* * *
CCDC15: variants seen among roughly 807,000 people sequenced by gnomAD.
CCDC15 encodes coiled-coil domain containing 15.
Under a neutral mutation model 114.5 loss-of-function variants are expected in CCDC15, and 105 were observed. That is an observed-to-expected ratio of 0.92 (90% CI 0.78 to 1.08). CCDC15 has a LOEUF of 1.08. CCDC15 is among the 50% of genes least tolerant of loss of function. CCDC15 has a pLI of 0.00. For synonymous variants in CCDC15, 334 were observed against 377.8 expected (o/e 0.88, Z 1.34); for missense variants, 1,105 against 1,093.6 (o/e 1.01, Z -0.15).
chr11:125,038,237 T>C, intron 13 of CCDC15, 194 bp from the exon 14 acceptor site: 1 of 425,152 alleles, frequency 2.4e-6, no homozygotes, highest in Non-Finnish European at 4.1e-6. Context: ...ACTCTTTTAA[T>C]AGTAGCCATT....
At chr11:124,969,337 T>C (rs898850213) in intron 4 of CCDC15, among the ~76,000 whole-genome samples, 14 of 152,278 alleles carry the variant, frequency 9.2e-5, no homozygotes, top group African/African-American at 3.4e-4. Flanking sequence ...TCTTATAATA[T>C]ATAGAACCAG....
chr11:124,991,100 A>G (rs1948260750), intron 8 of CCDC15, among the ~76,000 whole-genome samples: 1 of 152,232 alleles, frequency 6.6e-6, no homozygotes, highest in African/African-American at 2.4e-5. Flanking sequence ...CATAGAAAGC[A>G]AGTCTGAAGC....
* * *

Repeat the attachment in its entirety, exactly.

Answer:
CCDC15: variants seen among roughly 807,000 people sequenced by gnomAD.
CCDC15 encodes coiled-coil domain containing 15.
Under a neutral mutation model 114.5 loss-of-function variants are expected in CCDC15, and 105 were observed. That is an observed-to-expected ratio of 0.92 (90% CI 0.78 to 1.08). CCDC15 has a LOEUF of 1.08. CCDC15 is among the 50% of genes least tolerant of loss of function. CCDC15 has a pLI of 0.00. For synonymous variants in CCDC15, 334 were observed against 377.8 expected (o/e 0.88, Z 1.34); for missense variants, 1,105 against 1,093.6 (o/e 1.01, Z -0.15).
chr11:125,038,237 T>C, intron 13 of CCDC15, 194 bp from the exon 14 acceptor site: 1 of 425,152 alleles, frequency 2.4e-6, no homozygotes, highest in Non-Finnish European at 4.1e-6. Context: ...ACTCTTTTAA[T>C]AGTAGCCATT....
At chr11:124,969,337 T>C (rs898850213) in intron 4 of CCDC15, among the ~76,000 whole-genome samples, 14 of 152,278 alleles carry the variant, frequency 9.2e-5, no homozygotes, top group African/African-American at 3.4e-4. Flanking sequence ...TCTTATAATA[T>C]ATAGAACCAG....
chr11:124,991,100 A>G (rs1948260750), intron 8 of CCDC15, among the ~76,000 whole-genome samples: 1 of 152,232 alleles, frequency 6.6e-6, no homozygotes, highest in African/African-American at 2.4e-5. Flanking sequence ...CATAGAAAGC[A>G]AGTCTGAAGC....